The unadorned geometry of Lopez buildings and how it embodied post-war hope 2
Ortigas area back in the day. The locale was revitalized by the architecture that carried the Lopez name.
Culture

The unadorned geometry of Lopez buildings and how it embodied post-war hope

As Benpres prepares to be taken down to give way to a new Lopez edifice, Gerard Lico reflects on the structures that bear the family's name—and the architectural daring evoked by each building 
Dr. Gerard Lico | Mar 25 2019

In 1959 the Lopez family acquired seventeen hectares for its estate. At the time the family was best known as the owner of a major newspaper (The Manila Chronicle) and broadcast network (ABS-CBN); two years later, it would take over the largest power utility company, Meralco, from its American owners. At the helm of the family’s expanding and dynamic business conglomerate was the patriarch, Eugenio H. Lopez, Sr. The Lopezes also set up one of the first private museums in the country—the Lopez Memorial Museum—and have been a chief supporter of the region’s leading graduate school in business, the Asian Institute of Management.

The unadorned geometry of Lopez buildings and how it embodied post-war hope 3
The Benpres Building  (formerly the Chronicle Building) partially obscured by the "Chronicle Garden," which was designed by National Artst Ildefonso Santos Jr.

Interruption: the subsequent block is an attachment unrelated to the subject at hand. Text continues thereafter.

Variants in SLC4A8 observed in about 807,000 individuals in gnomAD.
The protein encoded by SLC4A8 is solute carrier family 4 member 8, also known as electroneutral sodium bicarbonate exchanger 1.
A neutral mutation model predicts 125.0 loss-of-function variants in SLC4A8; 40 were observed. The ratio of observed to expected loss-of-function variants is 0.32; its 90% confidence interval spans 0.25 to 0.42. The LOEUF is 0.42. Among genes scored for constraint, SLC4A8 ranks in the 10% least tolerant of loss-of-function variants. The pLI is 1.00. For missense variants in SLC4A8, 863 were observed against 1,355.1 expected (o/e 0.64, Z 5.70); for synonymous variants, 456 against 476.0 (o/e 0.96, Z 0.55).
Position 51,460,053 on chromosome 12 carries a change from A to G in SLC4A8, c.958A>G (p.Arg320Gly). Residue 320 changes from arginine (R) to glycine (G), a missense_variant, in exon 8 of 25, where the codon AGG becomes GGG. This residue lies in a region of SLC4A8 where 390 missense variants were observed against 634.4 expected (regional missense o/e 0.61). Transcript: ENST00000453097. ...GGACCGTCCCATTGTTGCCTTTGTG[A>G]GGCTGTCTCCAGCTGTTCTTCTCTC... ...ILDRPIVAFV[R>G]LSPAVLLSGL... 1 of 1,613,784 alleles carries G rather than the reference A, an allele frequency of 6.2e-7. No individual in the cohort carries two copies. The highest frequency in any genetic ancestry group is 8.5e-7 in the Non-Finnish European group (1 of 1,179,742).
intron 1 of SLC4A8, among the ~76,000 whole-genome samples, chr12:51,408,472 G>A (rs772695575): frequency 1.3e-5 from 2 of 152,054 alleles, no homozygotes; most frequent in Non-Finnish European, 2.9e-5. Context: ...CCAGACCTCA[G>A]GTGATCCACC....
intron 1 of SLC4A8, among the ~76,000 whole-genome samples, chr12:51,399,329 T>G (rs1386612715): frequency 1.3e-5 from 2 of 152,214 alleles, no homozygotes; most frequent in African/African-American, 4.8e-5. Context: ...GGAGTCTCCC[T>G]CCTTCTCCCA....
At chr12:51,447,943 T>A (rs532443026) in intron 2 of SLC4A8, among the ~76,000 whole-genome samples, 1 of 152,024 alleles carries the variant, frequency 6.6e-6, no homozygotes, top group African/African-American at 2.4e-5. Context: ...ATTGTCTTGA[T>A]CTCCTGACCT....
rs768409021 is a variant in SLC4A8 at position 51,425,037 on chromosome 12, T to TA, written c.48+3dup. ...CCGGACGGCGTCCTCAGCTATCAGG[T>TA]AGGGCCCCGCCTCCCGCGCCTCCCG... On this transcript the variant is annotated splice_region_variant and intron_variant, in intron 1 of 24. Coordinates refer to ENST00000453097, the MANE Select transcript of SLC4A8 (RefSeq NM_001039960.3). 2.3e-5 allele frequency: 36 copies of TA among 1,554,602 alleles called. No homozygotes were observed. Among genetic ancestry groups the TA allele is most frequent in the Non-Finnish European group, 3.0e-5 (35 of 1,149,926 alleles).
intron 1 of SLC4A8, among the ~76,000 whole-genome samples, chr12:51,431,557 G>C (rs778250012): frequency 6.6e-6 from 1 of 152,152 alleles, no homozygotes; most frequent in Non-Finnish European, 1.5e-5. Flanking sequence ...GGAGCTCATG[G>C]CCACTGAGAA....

Developing the Lopez estate required huge capital and high expertise in infrastructural development—clearing, filling, and grading of the land, roadway construction, setting up water-supply and drainage systems. It needed, most of all, architects who could put the Lopez vision into physical form. This urban transformation started in early 1963.

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The Lopez family began to build new homes for Meralco and the Manila Chronicle in the same area. This initiative triggered a surge of energy for a new business and financial district, a phenomenon that approximated the fabled growth of the Ayala district in Makati.

 

Form follows function

When the brutal and destructive World War II just ended, the virtue of austerity naturally inspired reconstruction. “Form follows function” was the design refrain among Filipino architects of the mid-1950s; they rejected the established architectural language of historicism and ornaments of neoclassical lineage. They were inspired to create no-nonsense architectures, to make a virtue of unembellished beauty.